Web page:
Six hundred ninety-four.
That’s how many separate tax breaks and exemptions saved taxpayers—but cost the state—a little over $100 million from 2015 to 2017, according to the state Department of Revenue.
Lawmakers on both sides of the aisle differ on whether so many exemptions are necessary to economic growth in Washington.
On the skeptical side, Sen. David Frockt, D-Seattle, is sponsoring legislation that would require the state Department of Revenue, the governor, and lawmakers to review the hundreds of tax breaks on the books as a part of the standard bienal operating budget process.
Frock said that the current tax code “rewards the industries that have the most influence.”
“Some exemptions make no economic sense. It’s not really rational,” he added.
Frockt’s bill—SB 5513—would require the state Department of Revenue to prepare a biennial tax expenditure budget with detailed information on each of Washington’s almost 700 tax breaks. The information would include an estimate of the tax revenue lost from a given exemption, who it benefits, and its economic rationale. The legislature would review the report, after which lawmakers would decide whether to reauthorize the various tax preferences currently on the books.
The Joint Legislative Audit and Review Committee—the Legislature’s independent auditor—does its own comprehensive review of tax exemptions once every decade while the Department of Revenue produces a report every four years with limited information on tax exemptions. However, there is no institutionalized process requiring the lawmakers to thoroughly evaluate state tax code for potential modification on a regular basis.
“A tax expenditure budget makes sense to be developed every year to take a comprehensive and 20,000-foot view to see what we’re actually doing,” said Frockt.
The bill was introduced last session but never got a hearing in the Senate Ways & Means committee.
According to the 2016 Department of Revenue report on state tax exemptions, the vast majority of the 694 exemptions benefit businesses, while the rest go to a combination of nonprofits, individuals, agricultural businesses, and local governments. The majority of the exemptions target the business and occupation tax as well as retail sales and use taxes, followed by property taxes, per the report.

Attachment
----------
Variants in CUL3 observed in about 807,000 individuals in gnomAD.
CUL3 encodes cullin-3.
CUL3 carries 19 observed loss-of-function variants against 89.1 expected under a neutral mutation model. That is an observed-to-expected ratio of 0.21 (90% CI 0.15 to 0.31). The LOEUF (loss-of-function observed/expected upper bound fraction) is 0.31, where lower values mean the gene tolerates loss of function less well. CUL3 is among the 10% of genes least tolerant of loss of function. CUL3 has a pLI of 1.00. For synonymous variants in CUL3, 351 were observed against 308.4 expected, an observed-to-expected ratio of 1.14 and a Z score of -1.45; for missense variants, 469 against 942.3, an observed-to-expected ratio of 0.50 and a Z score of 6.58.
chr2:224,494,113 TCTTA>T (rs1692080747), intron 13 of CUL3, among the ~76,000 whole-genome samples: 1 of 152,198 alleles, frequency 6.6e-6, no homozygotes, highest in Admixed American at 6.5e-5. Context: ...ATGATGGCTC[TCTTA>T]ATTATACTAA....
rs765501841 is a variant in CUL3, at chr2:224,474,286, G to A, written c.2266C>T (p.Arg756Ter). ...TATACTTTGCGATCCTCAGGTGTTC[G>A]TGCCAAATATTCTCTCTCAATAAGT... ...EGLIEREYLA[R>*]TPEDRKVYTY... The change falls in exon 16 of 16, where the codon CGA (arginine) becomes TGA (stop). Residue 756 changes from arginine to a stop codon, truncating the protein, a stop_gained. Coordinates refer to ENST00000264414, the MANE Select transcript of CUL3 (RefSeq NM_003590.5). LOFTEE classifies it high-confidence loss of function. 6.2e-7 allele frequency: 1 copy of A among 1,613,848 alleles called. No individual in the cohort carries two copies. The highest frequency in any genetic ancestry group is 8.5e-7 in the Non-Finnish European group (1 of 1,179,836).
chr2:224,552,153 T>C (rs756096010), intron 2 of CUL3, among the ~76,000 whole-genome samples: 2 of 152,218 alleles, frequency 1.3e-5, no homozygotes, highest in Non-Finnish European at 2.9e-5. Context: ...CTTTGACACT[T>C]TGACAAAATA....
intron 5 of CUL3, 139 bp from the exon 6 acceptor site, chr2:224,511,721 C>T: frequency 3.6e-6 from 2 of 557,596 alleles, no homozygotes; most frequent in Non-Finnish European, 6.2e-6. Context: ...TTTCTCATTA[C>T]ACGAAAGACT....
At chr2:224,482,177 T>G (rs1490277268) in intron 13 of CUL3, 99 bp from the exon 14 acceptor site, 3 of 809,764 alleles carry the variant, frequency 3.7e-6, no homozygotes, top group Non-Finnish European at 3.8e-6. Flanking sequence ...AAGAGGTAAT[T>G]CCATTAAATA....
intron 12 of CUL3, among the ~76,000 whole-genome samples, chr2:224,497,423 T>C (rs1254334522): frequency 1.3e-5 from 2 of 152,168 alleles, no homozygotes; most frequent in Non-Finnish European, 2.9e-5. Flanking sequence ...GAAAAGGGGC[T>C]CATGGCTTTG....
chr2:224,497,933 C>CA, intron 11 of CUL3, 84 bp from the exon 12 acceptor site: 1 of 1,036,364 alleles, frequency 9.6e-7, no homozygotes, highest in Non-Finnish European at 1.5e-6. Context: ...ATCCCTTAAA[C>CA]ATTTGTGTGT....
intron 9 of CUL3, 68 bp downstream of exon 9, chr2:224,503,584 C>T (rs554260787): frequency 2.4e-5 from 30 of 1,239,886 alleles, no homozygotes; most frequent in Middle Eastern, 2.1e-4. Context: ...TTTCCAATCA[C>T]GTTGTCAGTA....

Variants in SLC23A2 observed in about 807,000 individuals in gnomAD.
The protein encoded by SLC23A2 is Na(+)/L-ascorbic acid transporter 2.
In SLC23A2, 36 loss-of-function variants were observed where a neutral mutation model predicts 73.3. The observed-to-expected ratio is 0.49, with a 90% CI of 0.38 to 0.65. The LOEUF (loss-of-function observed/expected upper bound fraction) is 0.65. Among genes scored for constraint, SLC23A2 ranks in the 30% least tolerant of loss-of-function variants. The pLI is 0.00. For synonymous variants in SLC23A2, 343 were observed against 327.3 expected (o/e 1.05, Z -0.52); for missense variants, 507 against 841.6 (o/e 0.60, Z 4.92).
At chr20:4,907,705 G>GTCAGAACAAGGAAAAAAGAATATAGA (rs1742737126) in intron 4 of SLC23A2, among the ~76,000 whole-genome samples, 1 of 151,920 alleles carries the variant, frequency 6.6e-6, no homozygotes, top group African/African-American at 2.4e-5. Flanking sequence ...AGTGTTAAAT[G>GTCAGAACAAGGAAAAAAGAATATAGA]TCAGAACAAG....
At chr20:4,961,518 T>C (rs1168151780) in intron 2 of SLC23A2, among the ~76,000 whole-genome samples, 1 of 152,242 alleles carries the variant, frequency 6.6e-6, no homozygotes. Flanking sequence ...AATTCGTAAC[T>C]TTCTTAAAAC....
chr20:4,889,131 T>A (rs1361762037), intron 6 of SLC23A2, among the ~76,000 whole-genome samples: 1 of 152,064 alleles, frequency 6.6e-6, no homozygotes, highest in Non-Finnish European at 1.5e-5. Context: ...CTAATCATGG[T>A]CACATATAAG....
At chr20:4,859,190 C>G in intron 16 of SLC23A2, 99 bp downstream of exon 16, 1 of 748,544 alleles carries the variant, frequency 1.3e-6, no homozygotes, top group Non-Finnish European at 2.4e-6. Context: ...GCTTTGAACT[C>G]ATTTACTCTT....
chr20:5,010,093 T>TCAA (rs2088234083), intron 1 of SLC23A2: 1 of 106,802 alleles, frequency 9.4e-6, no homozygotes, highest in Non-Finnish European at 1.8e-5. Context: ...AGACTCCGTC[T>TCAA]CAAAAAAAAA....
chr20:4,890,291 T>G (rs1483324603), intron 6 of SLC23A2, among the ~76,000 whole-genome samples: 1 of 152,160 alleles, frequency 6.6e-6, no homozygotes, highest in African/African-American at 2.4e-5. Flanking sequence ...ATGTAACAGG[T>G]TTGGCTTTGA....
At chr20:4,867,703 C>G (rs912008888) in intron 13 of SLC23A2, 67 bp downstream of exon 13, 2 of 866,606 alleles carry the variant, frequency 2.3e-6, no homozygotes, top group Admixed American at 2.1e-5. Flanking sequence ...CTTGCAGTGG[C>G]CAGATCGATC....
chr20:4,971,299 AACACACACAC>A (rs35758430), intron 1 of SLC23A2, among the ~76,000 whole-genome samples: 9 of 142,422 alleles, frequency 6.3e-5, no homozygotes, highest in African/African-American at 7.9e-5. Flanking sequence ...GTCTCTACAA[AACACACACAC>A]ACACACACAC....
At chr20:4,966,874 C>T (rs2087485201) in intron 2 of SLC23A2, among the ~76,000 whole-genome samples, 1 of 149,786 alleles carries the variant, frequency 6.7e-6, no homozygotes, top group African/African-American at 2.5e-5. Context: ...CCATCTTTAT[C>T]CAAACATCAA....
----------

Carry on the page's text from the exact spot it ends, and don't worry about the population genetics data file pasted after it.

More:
The number of tax breaks passed into law have increased dramatically in recent years. Since 1990, lawmakers have adopted 340 new exemptions—an average of 13 per year. In 2003 alone, 32 were adopted, according to the Department of Revenue report.
The beneficiaries themselves range from Christmas tree producers to non-profit church camps and cemeteries.
Andy Nicholas, fiscal policy director at the Washington Budget and Policy Center—a think tank that regularly advocates for tax reform—said that the number has increased due to the political appeal of tax exemptions to lawmakers who want to please constituents and special interests.
“It became popular to enact special tax breaks and number skyrocketed,” said Nicholas.
“The problem is that tax breaks end up being hard-coded into the tax code and, especially if they have no expiration date attached to them, can sit for years and decades without being looked at,” he added.
According to the 2016 Department of Revenue report, the vast majority of existing tax breaks don’t have an expiration date.
The bill—which was heard in the Senate Ways and Means Committee on Jan. 18—has limited bipartisan support; Sen. Mark Miloscia, R-Federal Way, has signed on as a co-sponsor.
“I’m for anything that’s bringing us better accountability,” Miloscia said at a Jan. 23 press conference.
Senate Democratic leadership is generally supportive of the proposal. “We haven’t gotten to the point of saying what has support and what doesn’t,” said Deputy Majority Leader Sen. Andy Billig, D-Spokane. “I personally support it.”
Sen. Randi Becker, R-Eatonville, said that the tax breaks already receive enough scrutiny and that they are necessary to keep businesses in Washington state.
Sen. Christine Rolfes, D-Kitsap County—who chairs the Senate Ways & Means Committee—said that the bill needs some technical fixes before it can advance out of her committee, such as how much staff time the Department of Revenue would need to fulfil the bill’s obligations and how much it would cost.
Frockt said that his broad approach to tax break reform is needed to prevent lobbyists from killing smaller efforts by lawmakers to repeal individual exemptions. “There’s a lot of people around here who get paid a lot of money to keep these provisions in place.”
This report was produced by the Olympia bureau of the Washington Newspaper Publishers Association.